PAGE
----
Some have raised the question as to whether soy has untoward effects. Happily, these concerns have been set aside. Girls who consume soy products in adolescence have about 30 percent reduction in breast cancer risk as adults. Women previously diagnosed with breast cancer have a significantly greater survival if they include soy in their diets, compared with women who tend not to use soy products.
However, if a person is uncertain or simply does not want to include soy, I always remind them that a vegan diet does not mean joining the Soy Promotion Society. A vegan diet can mean many things: a Latin American tradition with beans, rice, and tortillas; a Mediterranean tradition emphasizing vegetables, pasta, beans, and fruit, etc. Soy products come from an Asian tradition and are totally optional.
KF: I hear so many concerns about soy, so here are a few of the tweets and blogs that might help you make your decision about whether or not to eat it (I certainly do!).
Soy Tweets and Blogs (These are a few that I compiled; but there are so many!)
What if I think I’m allergic to soy?
Again, eating a diverse diet of whole grains, beans and legumes, fruits and vegetables will give you everything you require in terms of protein. As for allergies, in some cases, they will change over time. For example, it is very common for children to have allergies that disappear as they get older, and that occurs in adulthood, too. Also, quite often, allergic responses diminish when people stop consuming dairy products. For example, a person who is allergic to cats or as asthma symptoms in response to pollen will find that these symptoms diminish when they leave dairy products aside.
Where can I get my Omega 3’s if not from fish or fish oil?
ALA (alpha-linolenic acid) is a basic omega-3 fat that can be converted in the body to the other omega-3s the body needs. ALA occurs in small amounts in beans, vegetables, and fruits, and this should be all the body needs. If more is desired, it is also found in walnuts, soy products, and, in high concentration, in flax seeds and flax oil. If these are used, there is no need for more than minimal amounts.
If you are looking for more, for whatever reason, health food stores sell vegan omega-3 supplements.
Is it ok to eat eggs, health wise? What about just egg whites?
There are major health issues with eggs. First, the yolk is where cholesterol lurks—more than 200 milligrams in one egg. That’s more cholesterol than you’ll find two quarter-pounders. There is also about 5 grams of fat in a single yolk.
Egg white is essentially solid pure animal protein. Its main problem is that the kidneys have trouble eliminating animal protein by-products. An 11-year Harvard study showed that kidney deterioration is accelerated by animal protein (for anyone who has already lost any degree of kidney function), whereas plant protein does no harm to the kidneys. It also tends to cause the body to lose calcium, just as other animal proteins do.
If it is hard to believe that there really is so much fat, cholesterol, and animal protein inside a single egg, keep in mind that an egg contains all the parts to make a complete chicken. The building blocks for the beak, bones, feathers, and everything else are inside that egg when it is laid, and they simply rearrange before the egg hatches. The cholesterol is used to build cell membranes, among other things, and there is, of course, no fiber, complex carbohydrate, or other healthful ingredients, because they are not part of a chicken’s biochemistry.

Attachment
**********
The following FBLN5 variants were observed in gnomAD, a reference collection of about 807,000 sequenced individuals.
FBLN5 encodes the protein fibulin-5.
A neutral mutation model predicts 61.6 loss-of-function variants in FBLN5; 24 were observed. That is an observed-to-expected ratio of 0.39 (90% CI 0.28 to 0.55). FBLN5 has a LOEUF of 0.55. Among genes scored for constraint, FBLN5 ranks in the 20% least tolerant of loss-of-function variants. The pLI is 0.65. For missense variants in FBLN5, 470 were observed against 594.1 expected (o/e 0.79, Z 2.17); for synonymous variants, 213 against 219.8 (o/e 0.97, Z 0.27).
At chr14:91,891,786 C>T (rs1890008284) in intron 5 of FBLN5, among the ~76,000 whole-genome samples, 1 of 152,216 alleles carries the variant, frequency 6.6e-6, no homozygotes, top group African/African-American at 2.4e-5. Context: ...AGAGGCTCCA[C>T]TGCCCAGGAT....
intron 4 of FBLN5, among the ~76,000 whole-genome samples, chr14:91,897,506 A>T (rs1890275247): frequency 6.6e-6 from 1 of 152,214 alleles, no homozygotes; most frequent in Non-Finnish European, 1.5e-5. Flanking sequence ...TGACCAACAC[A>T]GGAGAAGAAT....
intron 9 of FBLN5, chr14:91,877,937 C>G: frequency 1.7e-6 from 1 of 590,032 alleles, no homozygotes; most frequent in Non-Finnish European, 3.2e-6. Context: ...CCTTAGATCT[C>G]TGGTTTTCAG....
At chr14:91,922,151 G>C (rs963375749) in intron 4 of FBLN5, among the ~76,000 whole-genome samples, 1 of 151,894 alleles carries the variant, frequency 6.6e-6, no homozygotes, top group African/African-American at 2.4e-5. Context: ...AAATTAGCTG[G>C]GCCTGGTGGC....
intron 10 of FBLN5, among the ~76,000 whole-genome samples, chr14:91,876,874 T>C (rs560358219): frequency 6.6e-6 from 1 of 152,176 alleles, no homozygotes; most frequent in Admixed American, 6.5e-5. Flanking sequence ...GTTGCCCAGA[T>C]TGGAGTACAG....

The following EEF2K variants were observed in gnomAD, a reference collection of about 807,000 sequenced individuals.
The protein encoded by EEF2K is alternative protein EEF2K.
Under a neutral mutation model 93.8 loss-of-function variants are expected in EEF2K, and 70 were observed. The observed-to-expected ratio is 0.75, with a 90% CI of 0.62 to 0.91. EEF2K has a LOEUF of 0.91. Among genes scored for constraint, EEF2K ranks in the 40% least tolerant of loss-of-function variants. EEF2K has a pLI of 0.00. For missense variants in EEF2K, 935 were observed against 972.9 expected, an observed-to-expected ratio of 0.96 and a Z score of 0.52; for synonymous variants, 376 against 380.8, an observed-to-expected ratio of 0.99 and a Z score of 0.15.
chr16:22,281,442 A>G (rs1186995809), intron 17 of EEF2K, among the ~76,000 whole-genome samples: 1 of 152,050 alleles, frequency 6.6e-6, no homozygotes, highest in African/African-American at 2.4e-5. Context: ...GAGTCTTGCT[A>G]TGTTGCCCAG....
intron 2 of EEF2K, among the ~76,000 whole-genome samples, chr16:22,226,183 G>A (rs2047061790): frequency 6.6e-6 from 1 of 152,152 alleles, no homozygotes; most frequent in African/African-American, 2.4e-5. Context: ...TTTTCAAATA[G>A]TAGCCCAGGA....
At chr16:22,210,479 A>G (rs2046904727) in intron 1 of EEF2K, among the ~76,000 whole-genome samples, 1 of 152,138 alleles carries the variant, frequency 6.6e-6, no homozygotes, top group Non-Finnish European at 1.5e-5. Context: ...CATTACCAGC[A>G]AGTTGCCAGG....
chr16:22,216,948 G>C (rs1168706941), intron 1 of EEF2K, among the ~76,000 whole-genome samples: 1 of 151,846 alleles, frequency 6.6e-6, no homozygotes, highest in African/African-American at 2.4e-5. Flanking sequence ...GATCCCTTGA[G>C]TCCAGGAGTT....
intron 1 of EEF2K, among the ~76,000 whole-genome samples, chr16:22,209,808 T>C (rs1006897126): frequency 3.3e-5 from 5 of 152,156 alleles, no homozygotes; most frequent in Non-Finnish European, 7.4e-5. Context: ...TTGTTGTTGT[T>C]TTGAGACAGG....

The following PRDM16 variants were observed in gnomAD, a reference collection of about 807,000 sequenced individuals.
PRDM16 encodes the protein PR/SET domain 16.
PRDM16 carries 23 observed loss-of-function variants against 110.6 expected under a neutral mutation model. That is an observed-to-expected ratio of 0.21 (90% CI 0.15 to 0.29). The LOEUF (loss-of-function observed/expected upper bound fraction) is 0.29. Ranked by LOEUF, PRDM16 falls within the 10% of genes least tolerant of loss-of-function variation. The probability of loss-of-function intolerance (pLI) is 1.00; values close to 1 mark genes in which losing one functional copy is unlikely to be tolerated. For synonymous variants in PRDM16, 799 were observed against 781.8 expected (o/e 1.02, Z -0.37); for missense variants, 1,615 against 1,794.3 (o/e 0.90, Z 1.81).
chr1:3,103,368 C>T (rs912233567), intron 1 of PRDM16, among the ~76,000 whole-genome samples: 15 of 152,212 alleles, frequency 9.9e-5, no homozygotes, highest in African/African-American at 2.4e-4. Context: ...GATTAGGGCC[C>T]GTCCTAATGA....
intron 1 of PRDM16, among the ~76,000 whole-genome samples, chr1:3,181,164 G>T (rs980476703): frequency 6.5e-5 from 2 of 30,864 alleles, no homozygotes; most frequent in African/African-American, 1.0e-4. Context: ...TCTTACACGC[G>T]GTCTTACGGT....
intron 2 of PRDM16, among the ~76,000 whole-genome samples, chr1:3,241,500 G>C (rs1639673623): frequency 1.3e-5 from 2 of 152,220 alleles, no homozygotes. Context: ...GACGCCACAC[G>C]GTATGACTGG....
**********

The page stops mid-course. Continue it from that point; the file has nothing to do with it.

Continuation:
Will a plant-based diet affect my blood sugar?
Yes, avoiding meat definitely helps improve blood sugar. People who avoid meat are much less likely to develop diabetes and those who avoid all animal products are even less likely to do so. And, in clinical trials, people who make these same diet changes have dramatic improvements in blood sugar control. The most comprehensive study was our NIH-funded study, but other teams have found similar results. In 2010, the American Diabetes Association reported, as part of its official Clinical Practice Recommendations, that vegetarian and vegan diets have “metabolic advantages,” and one of the key ones is improved blood sugar.
Diabetes is obviously a serious condition, and a healthful diet is key to its management. If you have type 2 diabetes, a low-fat vegan diet is the diet of choice. It offers the best chance of reducing or eliminating your medications, and will help prevent complications.
Many people with diabetes are nervous about the fact that a plant-based diet increases their carbohydrate intake. The answer is not to turn to fatty, high-protein foods that increase the risk of cardiovascular and renal complications. Rather, the answer is to choose whole grains, legumes, vegetables, and fruits, focusing on low-glycemic index foods (ie, those that have minimal effect on blood glucose). The details are found in Dr. Neal Barnard’s Program for Reversing Diabetes.
I am just beginning to eat vegan but am experiencing a lot of gas; how do I deal with this?
If the problem is gassiness, beans are a common culprit. They should not be excluded from the diet, however, because they are great sources of protein, calcium, and iron, among other nutrients. But if you are new to beans, it is good to have them in small portions and always very well cooked. A well-cooked bean is very soft, with no hint of crunchiness. As time goes on, your digestive tract adjusts, so a bean that may cause a problem today may be better tolerated later on.
Also, cruciferous vegetables can cause indigestion for some people. The answer is simply to cook them well. This group includes broccoli, cauliflower, Brussels sprouts, kale, and cabbage, among others. It is common for people to eat them raw or only slightly cooked, but they can easily cause gassiness or bloating. Cook them well, and the problem usually disappears. Later on, you can experiment again with less-cooked vegetables.